Can we use 3-D printing and stem cells to build a bone?

July 3, 2013

Pioneering techniques aiming to recreate human bone for replacement and repair will be showcased at the Royal Society's annual Summer Science Exhibition which opens to the public today.

The processes include 3D printing with and building with individual stem cells using .

'The conjunction of these new techniques, could lead to bone, organ or tissue repair within 5 years and replacement in 30 years', according to the stand leader Professor Kevin Shakeshaff, head of the University of Nottingham's Centre for Biomolecular Sciences.

The aim of Prof Shakesheff's team is to be able to repair and eventually replace bones by printing personalised structures which could slot precisely into or take the place of a damaged bone. The team have developed new 'alginate' materials, to use as the 'ink' for 3D printing bone scaffolds. Unlike plastic printing materials, this type of hydrogel allows cells to live and grow within it. Along with their unique technique for injecting live stem cells into these structures, this allows for the creation of more precise and functional structures than ever before.

A bone replacement material previously developed by Professor Shakeshaff's group has the ability to be injected into the human body where it solidifies into a hard structure that does not . At the moment a surgeon could inject this material into an injury site as a filler. However, for a more serious or replacement, larger scale technologies such as 3D printing would be required, and the group's new techniques and materials may make this possible.

The video will load shortly

The biologists will also be showcasing another of their novel techniques: using holographic for manipulating and building with individual stem cells. The system uses the energy produced by to grab hold and move cells in three dimensions, allowing positioning of cells with a level of precision that has never before been achieved. This will enable a more detailed study of how cells work and allow them to be used more effectively to produce the best functioning tissues.

The amalgamation of these three new developments might one day create human bones or organs able to function in a human body and visitors to this exhibit will be able to explore building biological structures at all three scales. At the smallest level, they will be able to remotely pick up and build with live stem cells in real time using the laser tweezers. Secondly, the jelly-like scaffolding material, 'alginate', will be available for hands-on moulding into larger scale structures such as veins and arteries. Centre-stage, the 3D printer will build the intricate scaffolds for various recognisable bones and organs.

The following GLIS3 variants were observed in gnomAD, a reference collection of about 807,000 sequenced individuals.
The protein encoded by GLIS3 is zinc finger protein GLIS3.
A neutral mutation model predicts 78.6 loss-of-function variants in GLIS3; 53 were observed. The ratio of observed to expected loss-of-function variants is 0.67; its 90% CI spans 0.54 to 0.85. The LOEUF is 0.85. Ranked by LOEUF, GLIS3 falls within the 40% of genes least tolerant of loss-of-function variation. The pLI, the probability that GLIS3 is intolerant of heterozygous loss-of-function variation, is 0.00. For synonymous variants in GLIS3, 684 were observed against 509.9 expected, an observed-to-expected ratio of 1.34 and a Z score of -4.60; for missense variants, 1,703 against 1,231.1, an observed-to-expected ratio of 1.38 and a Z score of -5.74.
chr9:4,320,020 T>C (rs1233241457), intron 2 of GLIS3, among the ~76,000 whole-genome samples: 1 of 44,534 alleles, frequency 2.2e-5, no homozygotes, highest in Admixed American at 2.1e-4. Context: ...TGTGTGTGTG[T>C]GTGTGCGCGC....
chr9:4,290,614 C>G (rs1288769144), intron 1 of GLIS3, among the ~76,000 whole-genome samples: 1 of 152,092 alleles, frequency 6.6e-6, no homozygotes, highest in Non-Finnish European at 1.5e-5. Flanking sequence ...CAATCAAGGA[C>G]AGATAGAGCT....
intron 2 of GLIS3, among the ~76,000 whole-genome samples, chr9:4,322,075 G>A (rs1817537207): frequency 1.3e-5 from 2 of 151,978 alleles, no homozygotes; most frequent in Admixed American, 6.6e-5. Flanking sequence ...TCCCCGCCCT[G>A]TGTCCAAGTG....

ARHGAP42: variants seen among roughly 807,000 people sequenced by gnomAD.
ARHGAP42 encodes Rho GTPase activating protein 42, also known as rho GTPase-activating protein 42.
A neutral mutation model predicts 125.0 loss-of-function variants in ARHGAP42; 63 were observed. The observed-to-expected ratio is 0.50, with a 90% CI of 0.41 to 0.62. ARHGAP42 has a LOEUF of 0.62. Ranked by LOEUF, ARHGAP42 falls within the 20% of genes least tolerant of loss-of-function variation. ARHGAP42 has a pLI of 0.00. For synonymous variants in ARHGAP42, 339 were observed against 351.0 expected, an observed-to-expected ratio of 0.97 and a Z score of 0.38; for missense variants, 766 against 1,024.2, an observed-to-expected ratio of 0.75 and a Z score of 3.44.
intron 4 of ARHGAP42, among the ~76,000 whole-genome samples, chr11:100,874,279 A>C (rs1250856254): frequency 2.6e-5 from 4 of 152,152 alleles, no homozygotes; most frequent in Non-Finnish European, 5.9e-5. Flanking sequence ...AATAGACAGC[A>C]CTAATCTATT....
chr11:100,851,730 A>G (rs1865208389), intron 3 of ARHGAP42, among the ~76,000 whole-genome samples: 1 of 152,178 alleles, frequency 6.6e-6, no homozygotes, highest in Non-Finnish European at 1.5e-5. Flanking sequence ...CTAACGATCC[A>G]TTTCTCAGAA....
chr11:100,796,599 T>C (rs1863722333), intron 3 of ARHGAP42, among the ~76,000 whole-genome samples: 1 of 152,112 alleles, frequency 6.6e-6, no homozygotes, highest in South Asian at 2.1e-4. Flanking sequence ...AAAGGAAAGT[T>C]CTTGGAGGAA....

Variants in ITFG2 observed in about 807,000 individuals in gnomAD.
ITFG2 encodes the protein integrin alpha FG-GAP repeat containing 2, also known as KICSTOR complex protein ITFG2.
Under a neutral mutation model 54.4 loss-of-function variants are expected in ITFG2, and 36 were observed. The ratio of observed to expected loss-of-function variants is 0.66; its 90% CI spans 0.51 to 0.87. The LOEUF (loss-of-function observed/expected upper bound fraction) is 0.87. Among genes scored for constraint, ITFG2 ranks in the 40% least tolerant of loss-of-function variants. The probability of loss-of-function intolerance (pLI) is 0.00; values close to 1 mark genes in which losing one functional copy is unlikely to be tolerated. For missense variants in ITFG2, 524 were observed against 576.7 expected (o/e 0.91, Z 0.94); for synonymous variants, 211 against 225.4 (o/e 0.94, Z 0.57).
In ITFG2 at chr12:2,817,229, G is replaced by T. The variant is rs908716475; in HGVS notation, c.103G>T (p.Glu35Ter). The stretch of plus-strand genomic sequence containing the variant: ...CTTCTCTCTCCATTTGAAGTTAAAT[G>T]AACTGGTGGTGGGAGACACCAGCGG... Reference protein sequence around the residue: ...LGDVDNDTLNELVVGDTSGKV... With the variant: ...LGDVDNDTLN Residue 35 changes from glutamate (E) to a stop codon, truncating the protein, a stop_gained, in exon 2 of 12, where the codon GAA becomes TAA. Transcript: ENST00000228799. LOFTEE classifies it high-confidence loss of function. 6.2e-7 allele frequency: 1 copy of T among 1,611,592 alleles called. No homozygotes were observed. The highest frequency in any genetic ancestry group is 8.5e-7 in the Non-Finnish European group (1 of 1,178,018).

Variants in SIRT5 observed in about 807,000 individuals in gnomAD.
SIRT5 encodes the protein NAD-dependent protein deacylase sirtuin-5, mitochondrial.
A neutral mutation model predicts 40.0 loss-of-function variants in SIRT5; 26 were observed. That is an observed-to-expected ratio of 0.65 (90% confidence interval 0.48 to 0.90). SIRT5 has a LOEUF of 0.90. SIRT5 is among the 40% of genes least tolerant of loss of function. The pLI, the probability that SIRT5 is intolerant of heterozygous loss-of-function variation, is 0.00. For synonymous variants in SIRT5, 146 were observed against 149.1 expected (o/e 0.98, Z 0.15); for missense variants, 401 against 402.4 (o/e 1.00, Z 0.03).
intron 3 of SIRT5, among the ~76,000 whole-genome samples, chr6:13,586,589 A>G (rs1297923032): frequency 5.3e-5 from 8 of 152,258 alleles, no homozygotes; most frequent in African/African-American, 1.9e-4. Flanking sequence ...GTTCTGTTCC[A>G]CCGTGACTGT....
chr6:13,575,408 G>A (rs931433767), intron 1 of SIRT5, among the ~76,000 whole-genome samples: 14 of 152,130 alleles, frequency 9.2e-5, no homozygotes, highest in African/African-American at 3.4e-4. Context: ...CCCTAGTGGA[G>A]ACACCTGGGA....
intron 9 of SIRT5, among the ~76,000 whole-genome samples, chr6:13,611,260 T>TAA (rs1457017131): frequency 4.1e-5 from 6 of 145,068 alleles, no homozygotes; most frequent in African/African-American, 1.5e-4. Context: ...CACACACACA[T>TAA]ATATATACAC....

The researchers will be on hand for questions and explanations for the duration of the exhibition which runs from 2 July to 7 July.

Explore further: Organovo announces ability to print 3D human liver tissue

More information:

Related Stories

Organovo announces ability to print 3D human liver tissue

April 24, 2013

(Medical Xpress)—Organovo Holdings, Inc., a company that designs and creates functional human tissue has announced at this year's Experimental Biology Conference that it has developed a 3D printing technique that is able ...

Bioprinting has promising future

November 15, 2012

Writing in the journal Science, Professor Derby of The School of Materials, looks at how the concept of using printer technology to build structures in which to grow cells, is helping to regenerate tissue.

Study coaxes clays to make human bone

May 31, 2013

Weak bones, broken bones, damaged bones, arthritic bones. Whether damaged by injury, disease or age, your body can't create new bone, but maybe science can. Researchers at North Dakota State University, Fargo, are making ...

Recommended for you

Choreographing the microRNA-target dance

January 23, 2017

Scientists face a conundrum in their quest to understand how microRNAs regulate genes and therefore how they influence human disease at the molecular level: How do these tiny RNA molecules find their partners, called messenger ...

As cells age, the fat content within them shifts

January 19, 2017

As cells age and stop dividing, their fat content changes, along with the way they produce and break down fat and other molecules classified as lipids, according to a new University at Buffalo study.


Please sign in to add a comment. Registration is free, and takes less than a minute. Read more

Click here to reset your password.
Sign in to get notified via email when new comments are made.